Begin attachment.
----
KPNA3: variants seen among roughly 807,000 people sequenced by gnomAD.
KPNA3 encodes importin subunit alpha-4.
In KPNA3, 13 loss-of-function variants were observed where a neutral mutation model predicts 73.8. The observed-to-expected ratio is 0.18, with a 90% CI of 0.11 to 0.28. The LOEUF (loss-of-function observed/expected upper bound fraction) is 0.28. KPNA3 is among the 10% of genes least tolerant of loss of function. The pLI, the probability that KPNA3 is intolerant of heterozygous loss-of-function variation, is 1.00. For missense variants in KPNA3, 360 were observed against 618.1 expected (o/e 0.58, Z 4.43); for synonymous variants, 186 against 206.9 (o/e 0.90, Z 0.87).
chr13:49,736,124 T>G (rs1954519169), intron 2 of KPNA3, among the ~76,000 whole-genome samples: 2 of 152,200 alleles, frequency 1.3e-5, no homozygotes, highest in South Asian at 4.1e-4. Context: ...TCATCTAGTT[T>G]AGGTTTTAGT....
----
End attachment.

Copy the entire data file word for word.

KPNA3: variants seen among roughly 807,000 people sequenced by gnomAD.
KPNA3 encodes importin subunit alpha-4.
In KPNA3, 13 loss-of-function variants were observed where a neutral mutation model predicts 73.8. The observed-to-expected ratio is 0.18, with a 90% CI of 0.11 to 0.28. The LOEUF (loss-of-function observed/expected upper bound fraction) is 0.28. KPNA3 is among the 10% of genes least tolerant of loss of function. The pLI, the probability that KPNA3 is intolerant of heterozygous loss-of-function variation, is 1.00. For missense variants in KPNA3, 360 were observed against 618.1 expected (o/e 0.58, Z 4.43); for synonymous variants, 186 against 206.9 (o/e 0.90, Z 0.87).
chr13:49,736,124 T>G (rs1954519169), intron 2 of KPNA3, among the ~76,000 whole-genome samples: 2 of 152,200 alleles, frequency 1.3e-5, no homozygotes, highest in South Asian at 4.1e-4. Context: ...TCATCTAGTT[T>G]AGGTTTTAGT....